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veryard projects > system > sociotechnical
background key ideas material examples
Early studies of innovation and productivity were carried out by researchers at the Tavistock Institute - including Eric Trist, Ken Bamforth, Fred Emery, and others.

This work led to coining the word sociotechnical to refer to a systems perspective that pays attention to both  technical and social factors, and to the interaction between the technical and the social.

The “same” machinery can coexist with different social arrangements.
The costs, benefits and risks of the technology belong to the whole socio-technical system, not just the machine in isolation.
Some people like to think that all benefits can be attributed to the machine, and any implementation problems belong to the social system. 
> resistance

Some people like to attach the benefits of automation to the social system. 
> workforce productivity
Decomposing the SocioTechnical

History of the SocioTechnical (Tavistock Institute)

Student Notes (pdf)

Longwall Mining

Strawberry Picking

veryard projects - innovation for demanding change

Decomposing the SocioTechnical (Fractal)

veryard projects > system > sociotechnical > decomposition

From a sociotechnical perspective, a system is described in terms of both socially mediated relationships and technically mediated relationships.

Many people think of a socio-technical system as a composite system, containing some social subsystems and some technical subsystems. This is a simplification, which can sometimes be dangerously misleading.

All social systems are technically mediated. We get an increasing amount of our information about our social world through technical media: email, telephone, management information systems, television, Reuters newswire. These technologies screen information for us, screen information from us.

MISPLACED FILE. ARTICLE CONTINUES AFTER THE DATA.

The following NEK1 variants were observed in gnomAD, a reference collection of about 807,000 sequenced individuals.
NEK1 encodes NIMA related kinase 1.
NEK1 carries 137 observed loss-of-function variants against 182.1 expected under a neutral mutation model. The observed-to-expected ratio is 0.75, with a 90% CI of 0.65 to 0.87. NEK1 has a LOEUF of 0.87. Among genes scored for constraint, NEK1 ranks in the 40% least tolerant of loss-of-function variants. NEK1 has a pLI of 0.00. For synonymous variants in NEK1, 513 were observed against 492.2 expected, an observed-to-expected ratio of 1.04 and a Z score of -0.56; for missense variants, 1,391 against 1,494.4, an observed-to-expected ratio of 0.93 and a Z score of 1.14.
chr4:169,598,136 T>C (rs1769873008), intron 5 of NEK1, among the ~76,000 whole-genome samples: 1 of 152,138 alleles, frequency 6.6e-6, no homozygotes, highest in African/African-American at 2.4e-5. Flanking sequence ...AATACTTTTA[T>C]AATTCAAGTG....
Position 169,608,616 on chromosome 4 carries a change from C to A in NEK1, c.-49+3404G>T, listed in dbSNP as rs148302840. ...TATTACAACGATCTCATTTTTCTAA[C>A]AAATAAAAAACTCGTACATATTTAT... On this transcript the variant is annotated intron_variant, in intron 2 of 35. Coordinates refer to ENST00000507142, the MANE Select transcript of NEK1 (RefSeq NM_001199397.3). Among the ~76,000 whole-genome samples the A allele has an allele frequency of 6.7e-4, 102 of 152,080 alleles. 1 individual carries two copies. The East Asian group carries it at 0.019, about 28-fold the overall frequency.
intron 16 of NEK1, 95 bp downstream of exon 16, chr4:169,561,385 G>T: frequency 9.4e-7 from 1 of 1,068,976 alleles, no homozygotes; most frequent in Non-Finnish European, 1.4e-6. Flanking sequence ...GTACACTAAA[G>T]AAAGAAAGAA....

(For example, computers and televisions both provide information as services through a screen. The screen is both literal and metaphorical. It is a surface on which the data are presented, and also a filter that controls what the user sees. The screen is a two-sided device -- it both reveals information and hides information.)

And all technical systems are socially mediated. Technology is produced, distributed and managed by people within social structures, for socio-economic or political purposes. It is interpreted and used according to social intentions.

For some purposes, therefore, it is appropriate to treat all the subsystems, even the smallest components, of a socio-technical system as if they were themselves socio-technical. (This kind of decomposition is sometimes called fractal.)

veryard projects - innovation for demanding change

History of the SocioTechnical (Tavistock Institute)

veryard projects > system > sociotechnical > history

In the years immediately after the Second World War, researchers at the Tavistock Institute carried out a number of studies of work organization.  This included a classic study of deep-seam coal mining, where they found two very different forms of organization, which they labelled "conventional" and "composite", both operated within the same seam and using identical technology.
The original research is described in a number of papers by Eric Trist, Ken Bamforth, Fred Emery, and others.
E. Coakes, R. Lloyd-Jones & D. Willis, The New Sociotech: Graffiti on the Longwall (Springer, 2000).
Barry Palmer, "The Tavistock paradigm: Inside, outside and beyond.", in R. Hinshelwood & M. Chiesa (eds) Institutions, Anxieties and Defence. PDF version available online
Civic Practices Network (
Bob Cole's notes (

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This page last updated on October 20th, 2004
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